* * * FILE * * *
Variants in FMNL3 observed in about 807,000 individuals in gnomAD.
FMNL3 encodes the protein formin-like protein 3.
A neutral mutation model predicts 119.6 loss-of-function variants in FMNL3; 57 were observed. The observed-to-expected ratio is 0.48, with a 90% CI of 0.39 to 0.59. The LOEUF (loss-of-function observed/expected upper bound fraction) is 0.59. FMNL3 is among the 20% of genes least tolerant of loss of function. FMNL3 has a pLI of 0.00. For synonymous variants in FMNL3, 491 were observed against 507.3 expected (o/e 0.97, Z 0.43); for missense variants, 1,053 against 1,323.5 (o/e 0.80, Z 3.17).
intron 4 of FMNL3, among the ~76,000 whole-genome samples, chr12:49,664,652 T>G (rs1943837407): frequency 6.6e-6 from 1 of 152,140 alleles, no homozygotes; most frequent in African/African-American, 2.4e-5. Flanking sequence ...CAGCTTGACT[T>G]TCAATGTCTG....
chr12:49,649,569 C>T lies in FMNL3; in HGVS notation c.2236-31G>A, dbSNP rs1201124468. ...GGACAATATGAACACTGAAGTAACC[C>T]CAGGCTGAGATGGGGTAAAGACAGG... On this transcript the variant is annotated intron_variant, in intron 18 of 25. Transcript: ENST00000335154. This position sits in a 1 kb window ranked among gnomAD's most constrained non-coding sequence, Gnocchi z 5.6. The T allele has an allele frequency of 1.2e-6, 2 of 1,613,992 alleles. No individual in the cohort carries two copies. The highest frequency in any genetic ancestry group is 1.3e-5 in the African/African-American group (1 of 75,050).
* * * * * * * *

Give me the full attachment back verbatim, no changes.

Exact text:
Variants in FMNL3 observed in about 807,000 individuals in gnomAD.
FMNL3 encodes the protein formin-like protein 3.
A neutral mutation model predicts 119.6 loss-of-function variants in FMNL3; 57 were observed. The observed-to-expected ratio is 0.48, with a 90% CI of 0.39 to 0.59. The LOEUF (loss-of-function observed/expected upper bound fraction) is 0.59. FMNL3 is among the 20% of genes least tolerant of loss of function. FMNL3 has a pLI of 0.00. For synonymous variants in FMNL3, 491 were observed against 507.3 expected (o/e 0.97, Z 0.43); for missense variants, 1,053 against 1,323.5 (o/e 0.80, Z 3.17).
intron 4 of FMNL3, among the ~76,000 whole-genome samples, chr12:49,664,652 T>G (rs1943837407): frequency 6.6e-6 from 1 of 152,140 alleles, no homozygotes; most frequent in African/African-American, 2.4e-5. Flanking sequence ...CAGCTTGACT[T>G]TCAATGTCTG....
chr12:49,649,569 C>T lies in FMNL3; in HGVS notation c.2236-31G>A, dbSNP rs1201124468. ...GGACAATATGAACACTGAAGTAACC[C>T]CAGGCTGAGATGGGGTAAAGACAGG... On this transcript the variant is annotated intron_variant, in intron 18 of 25. Transcript: ENST00000335154. This position sits in a 1 kb window ranked among gnomAD's most constrained non-coding sequence, Gnocchi z 5.6. The T allele has an allele frequency of 1.2e-6, 2 of 1,613,992 alleles. No individual in the cohort carries two copies. The highest frequency in any genetic ancestry group is 1.3e-5 in the African/African-American group (1 of 75,050).